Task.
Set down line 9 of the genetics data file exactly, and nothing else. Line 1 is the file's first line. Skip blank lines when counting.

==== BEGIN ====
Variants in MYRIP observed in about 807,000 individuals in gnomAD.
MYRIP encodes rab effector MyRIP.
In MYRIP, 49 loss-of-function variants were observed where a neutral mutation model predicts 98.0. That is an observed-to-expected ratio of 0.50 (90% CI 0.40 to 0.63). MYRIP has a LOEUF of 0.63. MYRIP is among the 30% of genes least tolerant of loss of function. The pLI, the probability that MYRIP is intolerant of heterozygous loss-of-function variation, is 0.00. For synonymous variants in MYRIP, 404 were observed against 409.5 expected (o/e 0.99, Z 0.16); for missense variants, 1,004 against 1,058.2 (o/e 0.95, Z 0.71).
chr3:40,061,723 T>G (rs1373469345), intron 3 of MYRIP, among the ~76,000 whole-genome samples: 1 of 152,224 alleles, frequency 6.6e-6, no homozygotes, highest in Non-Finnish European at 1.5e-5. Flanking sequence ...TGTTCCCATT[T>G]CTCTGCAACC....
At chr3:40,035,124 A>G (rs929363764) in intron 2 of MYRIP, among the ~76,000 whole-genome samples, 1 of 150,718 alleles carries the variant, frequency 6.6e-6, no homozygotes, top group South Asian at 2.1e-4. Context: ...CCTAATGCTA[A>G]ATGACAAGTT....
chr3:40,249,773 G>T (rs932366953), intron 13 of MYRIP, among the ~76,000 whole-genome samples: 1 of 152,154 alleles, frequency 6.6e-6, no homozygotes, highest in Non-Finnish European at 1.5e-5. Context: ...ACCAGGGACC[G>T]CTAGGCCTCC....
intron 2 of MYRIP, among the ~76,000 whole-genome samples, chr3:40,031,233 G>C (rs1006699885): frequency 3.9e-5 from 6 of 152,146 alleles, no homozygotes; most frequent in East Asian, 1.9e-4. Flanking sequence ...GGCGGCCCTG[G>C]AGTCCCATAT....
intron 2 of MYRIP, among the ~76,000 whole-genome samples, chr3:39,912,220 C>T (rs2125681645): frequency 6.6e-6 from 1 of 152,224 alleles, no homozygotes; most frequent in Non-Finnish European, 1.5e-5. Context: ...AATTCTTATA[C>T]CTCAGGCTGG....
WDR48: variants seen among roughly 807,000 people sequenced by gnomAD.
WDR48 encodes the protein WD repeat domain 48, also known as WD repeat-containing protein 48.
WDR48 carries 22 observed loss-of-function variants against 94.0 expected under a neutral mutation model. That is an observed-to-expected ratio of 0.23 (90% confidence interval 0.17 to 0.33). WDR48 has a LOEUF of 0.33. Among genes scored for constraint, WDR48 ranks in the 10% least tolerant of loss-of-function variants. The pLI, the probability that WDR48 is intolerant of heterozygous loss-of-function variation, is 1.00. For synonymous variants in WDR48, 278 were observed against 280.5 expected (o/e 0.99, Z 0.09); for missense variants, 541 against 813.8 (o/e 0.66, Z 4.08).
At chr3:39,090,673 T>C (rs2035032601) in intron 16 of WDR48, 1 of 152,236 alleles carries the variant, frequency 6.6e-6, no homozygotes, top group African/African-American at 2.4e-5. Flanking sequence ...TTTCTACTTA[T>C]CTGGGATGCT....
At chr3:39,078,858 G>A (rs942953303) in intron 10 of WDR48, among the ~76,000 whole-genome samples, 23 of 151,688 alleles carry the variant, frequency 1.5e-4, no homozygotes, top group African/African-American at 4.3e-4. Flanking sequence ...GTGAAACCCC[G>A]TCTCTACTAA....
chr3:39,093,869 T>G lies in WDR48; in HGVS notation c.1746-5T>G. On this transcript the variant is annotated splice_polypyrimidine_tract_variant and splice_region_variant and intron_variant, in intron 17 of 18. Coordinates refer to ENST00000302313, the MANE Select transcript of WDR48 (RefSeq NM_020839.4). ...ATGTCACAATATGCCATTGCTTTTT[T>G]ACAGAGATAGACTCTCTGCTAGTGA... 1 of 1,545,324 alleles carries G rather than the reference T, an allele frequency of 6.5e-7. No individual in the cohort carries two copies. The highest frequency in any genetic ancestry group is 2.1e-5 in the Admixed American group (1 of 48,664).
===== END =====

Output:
WDR48: variants seen among roughly 807,000 people sequenced by gnomAD.